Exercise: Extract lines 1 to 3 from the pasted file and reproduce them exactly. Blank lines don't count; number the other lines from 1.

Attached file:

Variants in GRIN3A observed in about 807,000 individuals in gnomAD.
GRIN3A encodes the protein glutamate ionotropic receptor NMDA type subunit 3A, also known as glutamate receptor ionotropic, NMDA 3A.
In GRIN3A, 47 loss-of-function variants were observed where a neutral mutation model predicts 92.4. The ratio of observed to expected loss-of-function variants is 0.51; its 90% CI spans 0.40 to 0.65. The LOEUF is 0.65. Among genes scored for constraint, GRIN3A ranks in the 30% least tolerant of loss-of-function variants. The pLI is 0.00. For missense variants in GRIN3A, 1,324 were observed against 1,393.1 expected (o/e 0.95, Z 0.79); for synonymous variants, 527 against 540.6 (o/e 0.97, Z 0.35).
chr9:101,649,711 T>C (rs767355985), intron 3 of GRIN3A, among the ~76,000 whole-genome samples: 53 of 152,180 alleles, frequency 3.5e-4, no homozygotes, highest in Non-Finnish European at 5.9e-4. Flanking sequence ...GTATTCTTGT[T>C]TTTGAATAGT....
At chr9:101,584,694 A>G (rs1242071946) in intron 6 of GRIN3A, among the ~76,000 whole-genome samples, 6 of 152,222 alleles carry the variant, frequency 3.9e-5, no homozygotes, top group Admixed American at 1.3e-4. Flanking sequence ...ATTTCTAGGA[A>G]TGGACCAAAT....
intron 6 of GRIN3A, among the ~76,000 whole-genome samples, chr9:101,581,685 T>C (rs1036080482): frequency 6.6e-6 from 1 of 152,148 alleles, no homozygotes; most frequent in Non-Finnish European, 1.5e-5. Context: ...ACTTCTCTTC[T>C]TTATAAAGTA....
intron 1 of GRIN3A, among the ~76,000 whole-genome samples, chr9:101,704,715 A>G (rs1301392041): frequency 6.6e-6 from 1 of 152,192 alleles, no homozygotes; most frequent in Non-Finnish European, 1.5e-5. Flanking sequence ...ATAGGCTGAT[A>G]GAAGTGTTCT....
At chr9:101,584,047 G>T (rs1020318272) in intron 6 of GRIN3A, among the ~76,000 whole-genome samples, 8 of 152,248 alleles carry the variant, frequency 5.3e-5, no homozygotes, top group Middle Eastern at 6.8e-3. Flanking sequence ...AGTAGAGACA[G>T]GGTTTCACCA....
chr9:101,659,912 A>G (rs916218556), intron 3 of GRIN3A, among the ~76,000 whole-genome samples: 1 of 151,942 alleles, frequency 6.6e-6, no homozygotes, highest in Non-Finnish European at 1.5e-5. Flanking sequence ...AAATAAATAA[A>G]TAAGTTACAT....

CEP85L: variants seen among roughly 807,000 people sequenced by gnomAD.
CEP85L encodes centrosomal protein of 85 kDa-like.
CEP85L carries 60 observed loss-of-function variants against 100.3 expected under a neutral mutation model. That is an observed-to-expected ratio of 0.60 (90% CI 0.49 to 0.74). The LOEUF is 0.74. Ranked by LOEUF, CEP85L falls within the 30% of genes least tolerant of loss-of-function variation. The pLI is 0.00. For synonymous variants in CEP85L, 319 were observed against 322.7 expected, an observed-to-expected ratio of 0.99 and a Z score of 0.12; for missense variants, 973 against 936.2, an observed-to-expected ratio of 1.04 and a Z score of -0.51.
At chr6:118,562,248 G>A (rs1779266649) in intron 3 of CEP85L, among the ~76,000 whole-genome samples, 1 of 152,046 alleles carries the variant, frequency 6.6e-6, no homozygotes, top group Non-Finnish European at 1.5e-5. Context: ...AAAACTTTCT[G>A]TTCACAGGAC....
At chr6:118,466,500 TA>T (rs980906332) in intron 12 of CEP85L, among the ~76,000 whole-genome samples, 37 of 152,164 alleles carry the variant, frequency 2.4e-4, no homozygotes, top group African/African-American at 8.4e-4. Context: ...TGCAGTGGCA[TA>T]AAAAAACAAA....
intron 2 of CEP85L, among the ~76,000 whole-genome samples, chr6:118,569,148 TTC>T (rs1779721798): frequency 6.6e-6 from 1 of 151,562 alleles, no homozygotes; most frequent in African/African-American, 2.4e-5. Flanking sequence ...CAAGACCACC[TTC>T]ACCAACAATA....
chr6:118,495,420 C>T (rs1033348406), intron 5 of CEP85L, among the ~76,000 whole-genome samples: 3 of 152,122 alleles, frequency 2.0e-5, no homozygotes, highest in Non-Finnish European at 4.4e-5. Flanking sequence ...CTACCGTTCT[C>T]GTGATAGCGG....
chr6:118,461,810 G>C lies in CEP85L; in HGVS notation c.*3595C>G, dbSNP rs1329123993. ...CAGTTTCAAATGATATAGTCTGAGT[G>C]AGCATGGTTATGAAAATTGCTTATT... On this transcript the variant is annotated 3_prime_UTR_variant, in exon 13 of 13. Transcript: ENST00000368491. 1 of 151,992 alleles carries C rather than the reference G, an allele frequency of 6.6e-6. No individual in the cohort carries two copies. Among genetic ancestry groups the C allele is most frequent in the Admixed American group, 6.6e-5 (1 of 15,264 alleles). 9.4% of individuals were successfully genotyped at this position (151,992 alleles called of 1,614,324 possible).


Variants in GRIN3A observed in about 807,000 individuals in gnomAD.
GRIN3A encodes the protein glutamate ionotropic receptor NMDA type subunit 3A, also known as glutamate receptor ionotropic, NMDA 3A.
In GRIN3A, 47 loss-of-function variants were observed where a neutral mutation model predicts 92.4. The ratio of observed to expected loss-of-function variants is 0.51; its 90% CI spans 0.40 to 0.65. The LOEUF is 0.65. Among genes scored for constraint, GRIN3A ranks in the 30% least tolerant of loss-of-function variants. The pLI is 0.00. For missense variants in GRIN3A, 1,324 were observed against 1,393.1 expected (o/e 0.95, Z 0.79); for synonymous variants, 527 against 540.6 (o/e 0.97, Z 0.35).